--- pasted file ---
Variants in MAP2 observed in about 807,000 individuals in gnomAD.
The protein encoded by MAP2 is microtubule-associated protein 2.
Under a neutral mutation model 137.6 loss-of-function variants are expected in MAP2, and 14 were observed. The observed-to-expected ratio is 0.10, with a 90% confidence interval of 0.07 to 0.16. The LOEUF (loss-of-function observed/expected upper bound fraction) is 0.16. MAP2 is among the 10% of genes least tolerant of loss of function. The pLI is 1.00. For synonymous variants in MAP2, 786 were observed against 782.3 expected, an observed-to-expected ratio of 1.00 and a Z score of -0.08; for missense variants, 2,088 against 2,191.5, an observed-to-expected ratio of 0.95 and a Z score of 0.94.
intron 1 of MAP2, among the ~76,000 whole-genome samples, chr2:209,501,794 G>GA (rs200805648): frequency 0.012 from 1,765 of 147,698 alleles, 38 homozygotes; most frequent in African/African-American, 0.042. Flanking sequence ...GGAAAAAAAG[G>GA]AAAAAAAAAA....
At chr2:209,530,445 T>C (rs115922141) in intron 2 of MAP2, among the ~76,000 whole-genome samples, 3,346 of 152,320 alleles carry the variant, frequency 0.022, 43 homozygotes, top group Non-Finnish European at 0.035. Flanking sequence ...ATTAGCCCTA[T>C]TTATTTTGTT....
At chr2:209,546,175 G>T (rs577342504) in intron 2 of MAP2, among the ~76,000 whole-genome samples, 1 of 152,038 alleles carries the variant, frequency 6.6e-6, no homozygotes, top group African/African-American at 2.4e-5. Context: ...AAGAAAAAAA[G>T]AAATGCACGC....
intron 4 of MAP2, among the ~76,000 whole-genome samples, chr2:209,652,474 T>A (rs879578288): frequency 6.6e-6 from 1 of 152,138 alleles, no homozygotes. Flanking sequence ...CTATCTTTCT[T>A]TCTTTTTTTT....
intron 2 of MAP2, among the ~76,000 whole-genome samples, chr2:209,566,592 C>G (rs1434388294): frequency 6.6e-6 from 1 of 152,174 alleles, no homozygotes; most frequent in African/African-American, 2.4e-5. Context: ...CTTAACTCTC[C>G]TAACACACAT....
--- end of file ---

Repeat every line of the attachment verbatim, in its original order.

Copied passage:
Variants in MAP2 observed in about 807,000 individuals in gnomAD.
The protein encoded by MAP2 is microtubule-associated protein 2.
Under a neutral mutation model 137.6 loss-of-function variants are expected in MAP2, and 14 were observed. The observed-to-expected ratio is 0.10, with a 90% confidence interval of 0.07 to 0.16. The LOEUF (loss-of-function observed/expected upper bound fraction) is 0.16. MAP2 is among the 10% of genes least tolerant of loss of function. The pLI is 1.00. For synonymous variants in MAP2, 786 were observed against 782.3 expected, an observed-to-expected ratio of 1.00 and a Z score of -0.08; for missense variants, 2,088 against 2,191.5, an observed-to-expected ratio of 0.95 and a Z score of 0.94.
intron 1 of MAP2, among the ~76,000 whole-genome samples, chr2:209,501,794 G>GA (rs200805648): frequency 0.012 from 1,765 of 147,698 alleles, 38 homozygotes; most frequent in African/African-American, 0.042. Flanking sequence ...GGAAAAAAAG[G>GA]AAAAAAAAAA....
At chr2:209,530,445 T>C (rs115922141) in intron 2 of MAP2, among the ~76,000 whole-genome samples, 3,346 of 152,320 alleles carry the variant, frequency 0.022, 43 homozygotes, top group Non-Finnish European at 0.035. Flanking sequence ...ATTAGCCCTA[T>C]TTATTTTGTT....
At chr2:209,546,175 G>T (rs577342504) in intron 2 of MAP2, among the ~76,000 whole-genome samples, 1 of 152,038 alleles carries the variant, frequency 6.6e-6, no homozygotes, top group African/African-American at 2.4e-5. Context: ...AAGAAAAAAA[G>T]AAATGCACGC....
intron 4 of MAP2, among the ~76,000 whole-genome samples, chr2:209,652,474 T>A (rs879578288): frequency 6.6e-6 from 1 of 152,138 alleles, no homozygotes. Flanking sequence ...CTATCTTTCT[T>A]TCTTTTTTTT....
intron 2 of MAP2, among the ~76,000 whole-genome samples, chr2:209,566,592 C>G (rs1434388294): frequency 6.6e-6 from 1 of 152,174 alleles, no homozygotes; most frequent in African/African-American, 2.4e-5. Context: ...CTTAACTCTC[C>G]TAACACACAT....